RSS Feed
Download our iPhone app
Browse DevX
Sign up for e-mail newsletters from DevX

DEvx blogs image

Custom Visualizations for Power BI

Posted by Sandeep Chanda on Jul 14, 2015

When it comes to enterprise data visualization, Power BI has been leading from the front. It not only allows you to create great visualizations from your datasets, transforming the way you spot trends and make decisions to move forward, it also provides a platform for developers to extend its capabilities. The Power BI REST API has been available for a while now. You can use it to retrieve datasets stored in Microsoft Azure and then create visualizations that suit your needs. You can also add the visualizations to your ASP.NET web application hosted in Azure, making the visualizations available to a bigger group of your target audience. The Power BI team has taken a leap forward with the announcement of the availability of extensions in the form of Power BI Visuals.

The Power BI visuals project provides a set of visualizations that you can use to extend the capabilities of Power BI. The 20-odd out-of-the-box visualizations are ready to use with default capabilities of Power BI such as selection and filtering. The visuals are built using D3.js, but you also have the choice of leveraging Web GL, SVG, and other graphical technologies. The project also provides the framework for you to build and test the visualizations. Everything is compiled down to JavaScript running on all modern browsers. The project also contains a playground to demonstrate the capabilities. You can run the project using Node.js, however you would also need Visual Studio 2013 (or above) and TypeScript 1.4 for Visual Studio to execute the sample solution.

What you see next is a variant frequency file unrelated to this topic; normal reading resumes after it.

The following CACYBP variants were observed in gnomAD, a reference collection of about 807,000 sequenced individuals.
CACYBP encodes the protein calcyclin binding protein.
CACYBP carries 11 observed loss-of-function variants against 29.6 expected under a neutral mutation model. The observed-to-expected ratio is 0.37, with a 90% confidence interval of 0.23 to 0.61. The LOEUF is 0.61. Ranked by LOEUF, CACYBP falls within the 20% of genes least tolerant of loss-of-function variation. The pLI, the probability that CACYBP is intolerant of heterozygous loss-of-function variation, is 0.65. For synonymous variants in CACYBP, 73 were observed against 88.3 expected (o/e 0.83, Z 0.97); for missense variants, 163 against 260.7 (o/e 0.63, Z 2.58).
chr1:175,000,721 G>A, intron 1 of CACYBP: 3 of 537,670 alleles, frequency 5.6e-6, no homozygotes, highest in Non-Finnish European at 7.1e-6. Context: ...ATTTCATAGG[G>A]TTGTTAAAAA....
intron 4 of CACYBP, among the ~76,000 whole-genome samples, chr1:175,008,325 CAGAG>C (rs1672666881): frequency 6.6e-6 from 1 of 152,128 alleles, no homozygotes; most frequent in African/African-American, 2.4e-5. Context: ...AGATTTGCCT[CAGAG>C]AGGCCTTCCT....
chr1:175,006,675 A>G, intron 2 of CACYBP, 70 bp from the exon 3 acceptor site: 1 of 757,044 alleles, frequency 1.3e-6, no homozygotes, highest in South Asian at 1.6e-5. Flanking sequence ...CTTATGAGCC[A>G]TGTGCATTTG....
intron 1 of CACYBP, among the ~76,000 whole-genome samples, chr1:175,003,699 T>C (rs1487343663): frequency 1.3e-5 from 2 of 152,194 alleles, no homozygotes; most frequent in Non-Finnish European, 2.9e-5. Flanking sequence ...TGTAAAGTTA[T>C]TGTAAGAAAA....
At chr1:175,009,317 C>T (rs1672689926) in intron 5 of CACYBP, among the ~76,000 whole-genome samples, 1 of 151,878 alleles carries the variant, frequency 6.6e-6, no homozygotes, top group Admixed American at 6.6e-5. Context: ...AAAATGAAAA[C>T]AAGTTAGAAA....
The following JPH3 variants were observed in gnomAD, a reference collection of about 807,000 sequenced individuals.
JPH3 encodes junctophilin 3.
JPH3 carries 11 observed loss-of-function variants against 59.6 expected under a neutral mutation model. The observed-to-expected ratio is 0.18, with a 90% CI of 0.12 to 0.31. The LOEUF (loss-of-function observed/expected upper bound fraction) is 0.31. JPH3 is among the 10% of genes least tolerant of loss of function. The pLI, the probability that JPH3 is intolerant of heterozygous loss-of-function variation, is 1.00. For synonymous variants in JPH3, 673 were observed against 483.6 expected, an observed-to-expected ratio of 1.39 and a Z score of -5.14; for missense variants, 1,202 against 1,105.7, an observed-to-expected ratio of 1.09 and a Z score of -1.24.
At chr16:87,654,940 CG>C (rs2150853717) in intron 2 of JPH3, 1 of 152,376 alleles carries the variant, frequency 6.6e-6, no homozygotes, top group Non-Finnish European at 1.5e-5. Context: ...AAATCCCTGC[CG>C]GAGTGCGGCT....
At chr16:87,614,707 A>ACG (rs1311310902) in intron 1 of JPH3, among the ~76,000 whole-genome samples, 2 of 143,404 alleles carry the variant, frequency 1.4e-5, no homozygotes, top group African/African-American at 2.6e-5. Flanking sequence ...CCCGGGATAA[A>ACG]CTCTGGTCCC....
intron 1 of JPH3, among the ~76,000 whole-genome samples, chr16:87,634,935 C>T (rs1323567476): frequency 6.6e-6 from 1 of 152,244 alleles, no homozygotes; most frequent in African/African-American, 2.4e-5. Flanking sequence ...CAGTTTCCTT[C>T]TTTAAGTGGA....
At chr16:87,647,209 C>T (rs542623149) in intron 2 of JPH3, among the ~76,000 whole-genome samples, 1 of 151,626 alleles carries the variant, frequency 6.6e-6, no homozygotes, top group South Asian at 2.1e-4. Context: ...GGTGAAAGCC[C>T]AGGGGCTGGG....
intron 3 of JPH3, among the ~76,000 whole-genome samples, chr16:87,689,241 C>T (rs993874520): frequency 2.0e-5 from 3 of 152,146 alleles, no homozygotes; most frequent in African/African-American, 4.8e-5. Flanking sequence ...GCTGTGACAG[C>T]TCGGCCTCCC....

Once you have cloned the repository from GitHub, you can use the npm install  command to install the development dependencies. If you also want to test the visualizations you would need the Chutzpah JavaScript test runner and Jasmine-JQuery to be placed in the src\clients\externals\thirdparty\jasminejquery  folder inside the repository. You can then use the npm test  command to test.

The PowerBI visualization lifecycle includes three methods on the IVisual  interface that the project provides.

  1. init method when the PowerBI visual is first created.
  2. update method, whenever the host has an update for the visual.
  3. destroy method, whenever the visual is about to be disposed.

A cheer meter implementation has been provided here as an example to demonstrate the Power BI visual extensions.


ASP.NET, Microsoft Azure, Power BI, visualization, Visual Studio 2013

Recent Entries

Close Icon
Thanks for your registration, follow us on our social networks to keep up-to-date